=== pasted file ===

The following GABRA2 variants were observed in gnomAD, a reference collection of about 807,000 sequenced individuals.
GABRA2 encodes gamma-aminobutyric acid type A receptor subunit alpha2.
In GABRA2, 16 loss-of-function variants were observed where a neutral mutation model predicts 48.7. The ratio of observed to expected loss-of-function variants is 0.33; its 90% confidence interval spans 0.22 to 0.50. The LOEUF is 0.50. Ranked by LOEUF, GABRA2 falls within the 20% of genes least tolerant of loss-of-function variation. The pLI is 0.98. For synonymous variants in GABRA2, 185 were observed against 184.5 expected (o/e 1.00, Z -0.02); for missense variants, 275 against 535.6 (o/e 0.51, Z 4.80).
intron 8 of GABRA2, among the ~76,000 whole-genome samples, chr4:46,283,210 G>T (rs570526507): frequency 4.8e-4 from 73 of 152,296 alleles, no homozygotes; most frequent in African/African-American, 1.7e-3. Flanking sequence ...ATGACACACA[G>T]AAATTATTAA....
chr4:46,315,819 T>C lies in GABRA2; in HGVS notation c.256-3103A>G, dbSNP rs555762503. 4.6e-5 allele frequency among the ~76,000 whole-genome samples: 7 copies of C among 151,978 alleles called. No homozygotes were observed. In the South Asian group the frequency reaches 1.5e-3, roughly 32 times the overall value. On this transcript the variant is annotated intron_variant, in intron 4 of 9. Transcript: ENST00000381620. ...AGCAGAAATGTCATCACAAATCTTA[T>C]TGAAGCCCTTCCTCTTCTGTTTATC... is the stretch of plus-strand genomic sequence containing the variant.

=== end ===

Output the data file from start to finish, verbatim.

The following GABRA2 variants were observed in gnomAD, a reference collection of about 807,000 sequenced individuals.
GABRA2 encodes gamma-aminobutyric acid type A receptor subunit alpha2.
In GABRA2, 16 loss-of-function variants were observed where a neutral mutation model predicts 48.7. The ratio of observed to expected loss-of-function variants is 0.33; its 90% confidence interval spans 0.22 to 0.50. The LOEUF is 0.50. Ranked by LOEUF, GABRA2 falls within the 20% of genes least tolerant of loss-of-function variation. The pLI is 0.98. For synonymous variants in GABRA2, 185 were observed against 184.5 expected (o/e 1.00, Z -0.02); for missense variants, 275 against 535.6 (o/e 0.51, Z 4.80).
intron 8 of GABRA2, among the ~76,000 whole-genome samples, chr4:46,283,210 G>T (rs570526507): frequency 4.8e-4 from 73 of 152,296 alleles, no homozygotes; most frequent in African/African-American, 1.7e-3. Flanking sequence ...ATGACACACA[G>T]AAATTATTAA....
chr4:46,315,819 T>C lies in GABRA2; in HGVS notation c.256-3103A>G, dbSNP rs555762503. 4.6e-5 allele frequency among the ~76,000 whole-genome samples: 7 copies of C among 151,978 alleles called. No homozygotes were observed. In the South Asian group the frequency reaches 1.5e-3, roughly 32 times the overall value. On this transcript the variant is annotated intron_variant, in intron 4 of 9. Transcript: ENST00000381620. ...AGCAGAAATGTCATCACAAATCTTA[T>C]TGAAGCCCTTCCTCTTCTGTTTATC... is the stretch of plus-strand genomic sequence containing the variant.